Scientists have made a breakthrough in their understanding of the genetics behind human eye color
They found that just a few "letters" out of the six billion that make up the genetic code are responsible for most of the variation in human eye colour.
The research, by a team of scientists from Queensland, Australia, will appear in a forthcoming issue of the American Journal of Human Genetics.
The findings are based on a genetic study of nearly 4,000 individuals.
Differences in eye colour are largely down to "single nucleotide polymorphisms" (SNPs - pronounced "snips"); variations in the sequence of letters that make up a single strand of human DNA.
SNPs represent a change of just one letter in the genetic sequence. These changes, or mutations, in our DNA can have important consequences for how the gene gets physically expressed.
All the SNPs are located near a gene called OCA2. This gene produces a protein that helps give hair, skin and eyes their colour. And mutations in OCA2 cause the most common type of albinism.
The study, which focused on twins, their siblings and parents, shows - conclusively - that there is no "gene" for eye colour.
Everyone has two copies of a SNP. So there are several possible combinations, some of which are more heavily associated with, for example, blue eyes, than with brown eyes.
In short, these combinations strongly influence the colour of a person's eyes, but they are not the final word.
Dr Richard Sturm and his colleagues found three SNPs near the start of the OCA2 gene that were linked to blue eye colour.
"The SNPs we've identified in themselves are not functionally causing the eye colour change, but they are linked very, very closely to something that is," Dr Sturm, from the University of Queensland, told BBC News.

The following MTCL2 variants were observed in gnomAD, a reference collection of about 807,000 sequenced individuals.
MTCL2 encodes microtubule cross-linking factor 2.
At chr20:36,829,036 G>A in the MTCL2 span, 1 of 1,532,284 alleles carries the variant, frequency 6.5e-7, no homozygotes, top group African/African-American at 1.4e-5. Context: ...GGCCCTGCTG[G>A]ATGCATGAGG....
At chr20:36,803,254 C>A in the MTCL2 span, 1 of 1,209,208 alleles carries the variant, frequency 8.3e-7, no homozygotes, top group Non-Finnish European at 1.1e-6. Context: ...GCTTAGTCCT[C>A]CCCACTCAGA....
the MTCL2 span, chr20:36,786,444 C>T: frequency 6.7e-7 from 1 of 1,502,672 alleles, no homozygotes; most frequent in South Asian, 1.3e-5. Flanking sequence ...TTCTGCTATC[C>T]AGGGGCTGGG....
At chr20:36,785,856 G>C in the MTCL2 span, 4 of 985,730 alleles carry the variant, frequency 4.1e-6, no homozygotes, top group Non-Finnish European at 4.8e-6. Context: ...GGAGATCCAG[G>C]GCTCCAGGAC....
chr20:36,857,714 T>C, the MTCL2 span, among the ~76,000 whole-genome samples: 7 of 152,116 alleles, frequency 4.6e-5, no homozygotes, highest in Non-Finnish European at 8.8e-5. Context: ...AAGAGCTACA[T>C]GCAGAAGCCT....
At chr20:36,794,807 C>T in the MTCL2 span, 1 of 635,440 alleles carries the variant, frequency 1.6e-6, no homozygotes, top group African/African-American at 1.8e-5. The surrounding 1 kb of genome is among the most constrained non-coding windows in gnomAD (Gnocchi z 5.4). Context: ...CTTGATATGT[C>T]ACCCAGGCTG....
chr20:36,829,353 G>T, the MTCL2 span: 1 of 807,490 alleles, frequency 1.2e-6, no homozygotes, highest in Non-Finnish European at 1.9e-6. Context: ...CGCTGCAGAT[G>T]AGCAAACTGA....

"When OCA2 is knocked out, there is a loss of pigmentation. The position of these SNPs right at the start of the gene means it is possible we're looking at a change in the regulation of the gene in people with blue eye colour."
So these SNPs, at the start of OCA2, probably regulate how much of the pigmentation protein is produced by the gene. People with brown eyes might have a lot of this protein, while people with blue eyes have less.
However, the single letter changes involved in green eyes may actually produce functional changes in the pigmentation protein.
The researchers found SNPs at another position in the OCA2 region - linked to green eyes - that resulted in changes to amino acids (the building blocks of a protein).
"To use an analogy, one of the changes is like switching the light on and off, while the other is like changing the light bulb from brown to green," said Dr Sturm.
Altogether, the single letter changes identified in the study accounted for 74% of total variation in eye colour, the researchers said.
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